U.S. Rep. Nick Rahall (D-W.Va.), along with Senators Jay Rockefeller and Joe Manchin (both D-W.Va.), announced Thursday that federal funding has been awarded to three community coalitions working to reduce youth substance abuse in southern West Virginia
"Every penny we put into drug abuse prevention pays us back by the pound. These federal funds will allow our proven local leaders, especially those working with our youth, to carry on their effective work," said Rahall, a senior member of the Congressional Caucus on Prescription Drug Abuse. "They not only know the street corners to watch, they know the leaders of our schools, churches, community centers and even playgrounds who can help encourage our kids. We are fighting drug abuse on many fronts these days, and every young person we can spare from the devastating costs of drug abuse, is a victory for families and the entire community."
"Helping our children grow up drug free should be a goal for all of us," said Rockefeller, who has been a leader in working to reduce prescription drug abuse in West Virginia. "This funding will help leaders in our towns work to stem the tide of drug abuse. The impacts of addiction are so widespread -- touching families, friends, and neighbors. But by working together, as these coalitions are doing, we can fight back against this epidemic."
"In communities all over our state, I have visited with so many young people whose friends, families and neighborhoods have been just devastated by drug abuse, and there is nothing more heartbreaking than a young child asking for help to get their older brother or sister off the stuff," Manchin said. "I am so appreciative of the many different individuals and groups that are working to end the drug epidemic that we face, and this funding will help in the cause. As your Senator, I am determined to do everything I can to help those young children grow up drug-free, with opportunities for a bright future in their own communities."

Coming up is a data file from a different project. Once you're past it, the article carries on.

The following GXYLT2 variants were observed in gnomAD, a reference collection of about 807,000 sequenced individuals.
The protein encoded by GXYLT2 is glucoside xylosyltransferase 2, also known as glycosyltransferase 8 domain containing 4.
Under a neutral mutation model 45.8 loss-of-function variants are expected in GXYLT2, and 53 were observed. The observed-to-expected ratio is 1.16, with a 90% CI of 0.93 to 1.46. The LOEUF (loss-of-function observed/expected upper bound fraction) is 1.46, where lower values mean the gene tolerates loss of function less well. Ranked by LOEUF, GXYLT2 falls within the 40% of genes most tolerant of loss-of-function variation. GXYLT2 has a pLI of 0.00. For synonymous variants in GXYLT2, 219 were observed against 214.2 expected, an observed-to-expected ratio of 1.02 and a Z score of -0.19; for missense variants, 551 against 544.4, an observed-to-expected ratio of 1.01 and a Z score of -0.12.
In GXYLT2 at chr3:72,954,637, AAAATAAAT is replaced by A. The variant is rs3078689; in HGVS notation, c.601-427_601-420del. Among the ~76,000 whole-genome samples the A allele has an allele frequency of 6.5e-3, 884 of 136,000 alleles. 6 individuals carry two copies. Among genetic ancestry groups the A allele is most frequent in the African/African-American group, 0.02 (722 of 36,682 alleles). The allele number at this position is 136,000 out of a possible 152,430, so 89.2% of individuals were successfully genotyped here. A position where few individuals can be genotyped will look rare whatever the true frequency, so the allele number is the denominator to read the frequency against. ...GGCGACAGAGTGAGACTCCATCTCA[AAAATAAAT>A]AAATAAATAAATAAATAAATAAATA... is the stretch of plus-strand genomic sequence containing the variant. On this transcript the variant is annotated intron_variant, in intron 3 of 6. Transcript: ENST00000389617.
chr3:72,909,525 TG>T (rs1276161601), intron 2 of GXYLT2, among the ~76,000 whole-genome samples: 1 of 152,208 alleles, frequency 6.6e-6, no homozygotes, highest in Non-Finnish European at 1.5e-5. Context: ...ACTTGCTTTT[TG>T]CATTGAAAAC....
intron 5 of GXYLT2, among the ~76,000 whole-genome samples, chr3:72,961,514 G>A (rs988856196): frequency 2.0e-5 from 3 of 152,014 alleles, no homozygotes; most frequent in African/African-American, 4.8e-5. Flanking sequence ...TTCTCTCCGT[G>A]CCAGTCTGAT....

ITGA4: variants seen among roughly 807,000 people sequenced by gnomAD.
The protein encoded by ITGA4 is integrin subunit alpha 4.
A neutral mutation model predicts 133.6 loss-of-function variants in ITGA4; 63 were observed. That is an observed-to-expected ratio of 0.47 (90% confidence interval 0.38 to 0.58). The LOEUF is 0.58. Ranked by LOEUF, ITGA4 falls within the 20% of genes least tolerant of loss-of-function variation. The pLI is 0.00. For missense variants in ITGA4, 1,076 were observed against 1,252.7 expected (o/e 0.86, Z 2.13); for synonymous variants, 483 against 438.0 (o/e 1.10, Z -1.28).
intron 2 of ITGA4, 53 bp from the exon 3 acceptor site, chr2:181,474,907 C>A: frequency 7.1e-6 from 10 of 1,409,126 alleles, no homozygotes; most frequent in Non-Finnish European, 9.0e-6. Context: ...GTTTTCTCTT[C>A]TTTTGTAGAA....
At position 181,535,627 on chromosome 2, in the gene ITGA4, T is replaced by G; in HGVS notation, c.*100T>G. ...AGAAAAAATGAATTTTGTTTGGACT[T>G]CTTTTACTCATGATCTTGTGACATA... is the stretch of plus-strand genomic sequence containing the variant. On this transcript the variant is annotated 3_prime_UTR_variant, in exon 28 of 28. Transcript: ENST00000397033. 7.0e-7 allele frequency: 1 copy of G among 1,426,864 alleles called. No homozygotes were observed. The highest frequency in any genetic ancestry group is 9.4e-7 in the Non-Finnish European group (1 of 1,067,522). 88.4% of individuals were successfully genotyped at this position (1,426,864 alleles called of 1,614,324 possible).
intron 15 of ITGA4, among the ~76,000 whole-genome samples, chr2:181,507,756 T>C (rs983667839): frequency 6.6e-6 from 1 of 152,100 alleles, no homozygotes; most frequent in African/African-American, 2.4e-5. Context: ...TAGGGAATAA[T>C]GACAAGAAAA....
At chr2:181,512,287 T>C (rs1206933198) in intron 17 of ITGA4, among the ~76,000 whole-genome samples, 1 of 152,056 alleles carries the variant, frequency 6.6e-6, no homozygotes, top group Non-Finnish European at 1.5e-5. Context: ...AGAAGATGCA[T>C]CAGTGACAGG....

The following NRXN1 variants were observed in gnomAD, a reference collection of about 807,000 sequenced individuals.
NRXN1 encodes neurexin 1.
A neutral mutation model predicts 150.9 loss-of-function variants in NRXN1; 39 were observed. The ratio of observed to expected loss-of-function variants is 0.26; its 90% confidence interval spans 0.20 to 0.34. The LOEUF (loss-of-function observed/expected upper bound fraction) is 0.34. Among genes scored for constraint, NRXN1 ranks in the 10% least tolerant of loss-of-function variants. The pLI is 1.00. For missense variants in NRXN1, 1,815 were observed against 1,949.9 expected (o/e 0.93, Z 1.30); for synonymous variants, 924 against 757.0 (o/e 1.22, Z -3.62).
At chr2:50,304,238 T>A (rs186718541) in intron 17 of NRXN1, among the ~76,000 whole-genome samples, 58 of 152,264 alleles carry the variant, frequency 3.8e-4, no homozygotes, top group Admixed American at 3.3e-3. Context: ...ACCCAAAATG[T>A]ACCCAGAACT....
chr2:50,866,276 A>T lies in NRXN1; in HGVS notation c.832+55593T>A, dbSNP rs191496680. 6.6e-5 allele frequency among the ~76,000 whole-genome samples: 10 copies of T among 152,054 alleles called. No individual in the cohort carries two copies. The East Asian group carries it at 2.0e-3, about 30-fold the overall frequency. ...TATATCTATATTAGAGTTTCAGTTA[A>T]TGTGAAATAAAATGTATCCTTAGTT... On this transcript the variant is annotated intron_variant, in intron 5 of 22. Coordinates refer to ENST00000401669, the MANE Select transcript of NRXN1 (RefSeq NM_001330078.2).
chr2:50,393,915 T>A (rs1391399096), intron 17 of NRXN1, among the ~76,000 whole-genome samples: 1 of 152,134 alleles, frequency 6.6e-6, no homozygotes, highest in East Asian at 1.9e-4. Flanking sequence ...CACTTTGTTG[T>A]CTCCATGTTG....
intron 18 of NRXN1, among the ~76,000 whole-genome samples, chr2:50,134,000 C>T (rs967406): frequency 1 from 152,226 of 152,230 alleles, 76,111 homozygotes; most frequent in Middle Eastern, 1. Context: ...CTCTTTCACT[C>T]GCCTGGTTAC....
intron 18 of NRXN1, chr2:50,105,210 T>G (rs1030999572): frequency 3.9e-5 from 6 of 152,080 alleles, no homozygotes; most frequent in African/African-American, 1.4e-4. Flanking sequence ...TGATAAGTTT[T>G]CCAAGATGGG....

The continuation funding grants announced today have been awarded through the FY 2012 Drug-Free Communities (DFC) Support Program administered by the Office of National Drug Control Policy (ONDCP) to Community Connections, Inc., $125,000 for Creating Opportunities for Youth Coalition in Bluefield; the Strong through our Plan (S.T.O.P) Coalition in Gilbert, $125,000; and $125,000 to the United Way of the River Cities, Inc. for the Cabell County Substance Abuse Prevention Partnership in Huntington.
"America's success in the 21st century depends in part on our ability to help young people make decisions that will keep them healthy and safe," said Gil Kerlikowske, Director of National Drug Control Policy. "We congratulate the coalitions on their work to raise a generation of young people equipped to remain drug free and ready to prosper in school, in their communities, and in the workplace. While law enforcement efforts will always serve a vital role in keeping our communities safe, we know that stopping drug use before it ever begins is always the smartest and most cost-effective way to reduce drug use and its consequences."
The DFC program provides grants of up to $625,000 over 5 years to community coalitions that facilitate citizen participation in local drug prevention efforts. Coalitions are composed of community leaders, parents, youth, teachers, religious and fraternal organizations, health care and business professionals, law enforcement, the media, and others working together at the local level.